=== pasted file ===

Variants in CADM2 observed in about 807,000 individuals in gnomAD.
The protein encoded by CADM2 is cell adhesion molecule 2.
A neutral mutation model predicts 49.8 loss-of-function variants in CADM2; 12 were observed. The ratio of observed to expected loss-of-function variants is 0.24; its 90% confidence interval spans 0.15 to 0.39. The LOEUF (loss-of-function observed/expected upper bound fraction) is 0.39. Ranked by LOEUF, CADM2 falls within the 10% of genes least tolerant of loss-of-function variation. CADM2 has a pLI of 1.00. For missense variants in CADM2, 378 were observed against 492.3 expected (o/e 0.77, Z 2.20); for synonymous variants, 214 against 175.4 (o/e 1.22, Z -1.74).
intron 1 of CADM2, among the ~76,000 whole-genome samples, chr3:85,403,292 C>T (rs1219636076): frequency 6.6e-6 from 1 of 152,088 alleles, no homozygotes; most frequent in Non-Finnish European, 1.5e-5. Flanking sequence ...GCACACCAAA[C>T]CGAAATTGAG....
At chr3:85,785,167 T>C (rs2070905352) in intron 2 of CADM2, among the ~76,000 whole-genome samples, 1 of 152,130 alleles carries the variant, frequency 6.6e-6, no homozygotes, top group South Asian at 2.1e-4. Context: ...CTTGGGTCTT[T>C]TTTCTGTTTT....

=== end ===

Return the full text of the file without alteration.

Variants in CADM2 observed in about 807,000 individuals in gnomAD.
The protein encoded by CADM2 is cell adhesion molecule 2.
A neutral mutation model predicts 49.8 loss-of-function variants in CADM2; 12 were observed. The ratio of observed to expected loss-of-function variants is 0.24; its 90% confidence interval spans 0.15 to 0.39. The LOEUF (loss-of-function observed/expected upper bound fraction) is 0.39. Ranked by LOEUF, CADM2 falls within the 10% of genes least tolerant of loss-of-function variation. CADM2 has a pLI of 1.00. For missense variants in CADM2, 378 were observed against 492.3 expected (o/e 0.77, Z 2.20); for synonymous variants, 214 against 175.4 (o/e 1.22, Z -1.74).
intron 1 of CADM2, among the ~76,000 whole-genome samples, chr3:85,403,292 C>T (rs1219636076): frequency 6.6e-6 from 1 of 152,088 alleles, no homozygotes; most frequent in Non-Finnish European, 1.5e-5. Flanking sequence ...GCACACCAAA[C>T]CGAAATTGAG....
At chr3:85,785,167 T>C (rs2070905352) in intron 2 of CADM2, among the ~76,000 whole-genome samples, 1 of 152,130 alleles carries the variant, frequency 6.6e-6, no homozygotes, top group South Asian at 2.1e-4. Context: ...CTTGGGTCTT[T>C]TTTCTGTTTT....